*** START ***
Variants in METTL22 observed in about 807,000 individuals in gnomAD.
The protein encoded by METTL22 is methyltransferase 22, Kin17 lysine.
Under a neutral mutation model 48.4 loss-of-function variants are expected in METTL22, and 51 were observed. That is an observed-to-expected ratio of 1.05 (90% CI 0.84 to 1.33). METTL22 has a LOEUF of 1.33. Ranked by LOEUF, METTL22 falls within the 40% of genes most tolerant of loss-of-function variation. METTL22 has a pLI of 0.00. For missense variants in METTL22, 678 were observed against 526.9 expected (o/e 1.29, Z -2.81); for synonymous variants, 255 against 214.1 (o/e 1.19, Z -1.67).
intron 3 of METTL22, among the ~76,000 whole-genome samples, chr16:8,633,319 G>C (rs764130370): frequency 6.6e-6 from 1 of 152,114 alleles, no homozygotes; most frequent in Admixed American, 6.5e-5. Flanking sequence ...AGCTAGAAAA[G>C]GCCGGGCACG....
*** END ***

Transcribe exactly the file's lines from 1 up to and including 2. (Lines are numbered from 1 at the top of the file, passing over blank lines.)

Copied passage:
Variants in METTL22 observed in about 807,000 individuals in gnomAD.
The protein encoded by METTL22 is methyltransferase 22, Kin17 lysine.